Fall 2024

Sociocultural Anthropology

Listed in: Anthropology and Sociology, as ANTH-112


Christopher T. Dole (Section 01)


Through the comparative study of culture and society, anthropology explores fundamental questions about what it means to be and become human. Based on deep engagements with specific groups, communities, and settings, anthropology examines the practices, structures, and meanings that shape lived experience. This course introduces students to the basic concepts and methods of sociocultural anthropology. Drawing on a wide range of ethnographic cases, the course will provide frameworks for analyzing diverse facets of human experience such as gender and sexuality, race and ethnicity, politics, economics, language, technology, medicine, and art. In addition to giving students a taste of the variety of topics explored by anthropologists, the course will also introduce students to the discipline's central methodological investment in ethnography as a uniquely illuminating mode of inquiry.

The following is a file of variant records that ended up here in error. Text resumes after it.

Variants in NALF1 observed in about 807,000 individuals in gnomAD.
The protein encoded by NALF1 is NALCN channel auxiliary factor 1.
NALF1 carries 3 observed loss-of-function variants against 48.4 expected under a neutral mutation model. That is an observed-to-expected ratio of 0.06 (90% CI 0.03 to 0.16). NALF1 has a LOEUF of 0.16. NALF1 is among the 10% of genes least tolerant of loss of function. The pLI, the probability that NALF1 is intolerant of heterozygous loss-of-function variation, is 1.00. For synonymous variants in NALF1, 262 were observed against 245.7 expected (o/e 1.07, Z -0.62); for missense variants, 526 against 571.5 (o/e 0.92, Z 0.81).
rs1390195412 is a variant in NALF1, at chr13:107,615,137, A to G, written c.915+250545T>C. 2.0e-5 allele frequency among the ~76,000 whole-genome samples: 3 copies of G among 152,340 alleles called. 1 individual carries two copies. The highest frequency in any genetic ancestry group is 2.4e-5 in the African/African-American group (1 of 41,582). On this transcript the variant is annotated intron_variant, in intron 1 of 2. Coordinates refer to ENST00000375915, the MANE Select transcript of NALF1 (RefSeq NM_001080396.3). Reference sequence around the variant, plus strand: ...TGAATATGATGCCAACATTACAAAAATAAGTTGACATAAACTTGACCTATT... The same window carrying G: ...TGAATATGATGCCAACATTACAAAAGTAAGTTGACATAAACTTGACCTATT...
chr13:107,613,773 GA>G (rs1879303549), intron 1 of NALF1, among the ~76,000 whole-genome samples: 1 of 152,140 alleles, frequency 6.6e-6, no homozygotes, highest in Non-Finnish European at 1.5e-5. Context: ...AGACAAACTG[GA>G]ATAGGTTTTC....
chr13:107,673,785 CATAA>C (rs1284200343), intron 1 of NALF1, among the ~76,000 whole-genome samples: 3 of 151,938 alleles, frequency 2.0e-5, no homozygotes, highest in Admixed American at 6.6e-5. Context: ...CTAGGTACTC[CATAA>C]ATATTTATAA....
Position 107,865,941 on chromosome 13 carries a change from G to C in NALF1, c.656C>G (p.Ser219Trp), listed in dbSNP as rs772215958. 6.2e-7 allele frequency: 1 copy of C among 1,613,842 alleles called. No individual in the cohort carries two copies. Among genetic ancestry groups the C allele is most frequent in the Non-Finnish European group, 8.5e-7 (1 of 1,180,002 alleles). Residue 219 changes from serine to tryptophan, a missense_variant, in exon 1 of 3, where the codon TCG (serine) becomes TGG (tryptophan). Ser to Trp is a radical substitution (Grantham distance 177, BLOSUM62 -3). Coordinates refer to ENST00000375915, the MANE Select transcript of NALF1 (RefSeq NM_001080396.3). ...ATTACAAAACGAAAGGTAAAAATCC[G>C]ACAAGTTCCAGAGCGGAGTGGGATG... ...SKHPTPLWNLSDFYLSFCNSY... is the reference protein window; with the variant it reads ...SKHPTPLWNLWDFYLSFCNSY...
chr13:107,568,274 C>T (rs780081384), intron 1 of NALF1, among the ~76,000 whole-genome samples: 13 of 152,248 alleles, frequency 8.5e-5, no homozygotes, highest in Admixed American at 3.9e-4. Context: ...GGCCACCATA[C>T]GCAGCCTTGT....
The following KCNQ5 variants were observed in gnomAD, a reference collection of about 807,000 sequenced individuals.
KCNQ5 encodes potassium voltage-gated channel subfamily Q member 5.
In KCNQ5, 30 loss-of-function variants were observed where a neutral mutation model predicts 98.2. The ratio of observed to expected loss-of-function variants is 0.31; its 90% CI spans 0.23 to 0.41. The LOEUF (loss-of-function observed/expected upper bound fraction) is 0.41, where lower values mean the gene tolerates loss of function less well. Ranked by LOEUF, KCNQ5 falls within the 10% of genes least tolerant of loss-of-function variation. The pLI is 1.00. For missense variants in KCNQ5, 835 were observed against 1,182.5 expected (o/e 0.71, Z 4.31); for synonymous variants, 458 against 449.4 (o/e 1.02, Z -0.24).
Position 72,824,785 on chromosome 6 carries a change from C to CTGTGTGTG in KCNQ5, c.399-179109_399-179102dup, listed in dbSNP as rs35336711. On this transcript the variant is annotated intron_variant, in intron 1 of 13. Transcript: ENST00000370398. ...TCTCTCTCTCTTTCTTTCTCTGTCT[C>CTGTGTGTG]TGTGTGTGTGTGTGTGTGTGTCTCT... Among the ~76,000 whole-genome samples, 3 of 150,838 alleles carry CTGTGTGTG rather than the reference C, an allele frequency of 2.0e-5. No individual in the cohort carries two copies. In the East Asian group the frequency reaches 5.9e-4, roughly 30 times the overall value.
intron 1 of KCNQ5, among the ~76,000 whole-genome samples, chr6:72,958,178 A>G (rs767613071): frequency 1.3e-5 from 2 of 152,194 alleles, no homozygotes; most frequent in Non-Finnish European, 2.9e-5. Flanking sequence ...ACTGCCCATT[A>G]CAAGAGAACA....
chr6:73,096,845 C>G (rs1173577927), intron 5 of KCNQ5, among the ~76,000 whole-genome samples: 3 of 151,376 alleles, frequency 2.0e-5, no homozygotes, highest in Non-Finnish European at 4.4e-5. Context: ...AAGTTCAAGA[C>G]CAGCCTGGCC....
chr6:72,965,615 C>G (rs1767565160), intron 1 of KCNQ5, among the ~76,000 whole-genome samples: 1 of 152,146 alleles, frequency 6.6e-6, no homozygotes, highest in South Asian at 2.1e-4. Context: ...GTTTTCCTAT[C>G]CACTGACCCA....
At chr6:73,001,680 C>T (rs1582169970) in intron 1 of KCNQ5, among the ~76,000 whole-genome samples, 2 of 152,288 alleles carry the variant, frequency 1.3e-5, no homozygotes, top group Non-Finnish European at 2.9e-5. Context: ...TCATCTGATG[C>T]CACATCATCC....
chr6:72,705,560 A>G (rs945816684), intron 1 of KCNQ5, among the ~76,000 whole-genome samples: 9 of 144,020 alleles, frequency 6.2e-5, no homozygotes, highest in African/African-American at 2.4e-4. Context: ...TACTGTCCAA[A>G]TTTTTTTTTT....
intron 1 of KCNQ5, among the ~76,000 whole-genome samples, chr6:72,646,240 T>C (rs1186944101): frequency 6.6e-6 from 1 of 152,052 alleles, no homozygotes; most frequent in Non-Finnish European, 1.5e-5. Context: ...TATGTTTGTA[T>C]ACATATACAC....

Limited to 45 students. Fall semester. Professor Dole.

How to handle overenrollment: Preference to first- and second-year students, and to majors who have yet to take this required course.

Students who enroll in this course will likely encounter and be expected to engage in the following intellectual skills, modes of learning, and assessment: emphasis on written work, reading, in-class quizzes or exams.

Course Materials


Other years: Offered in Fall 2011, Fall 2012, Fall 2013, Spring 2015, Fall 2015, Fall 2016, Fall 2017, Fall 2018, Spring 2020, Fall 2020, Fall 2021, Fall 2022, Fall 2024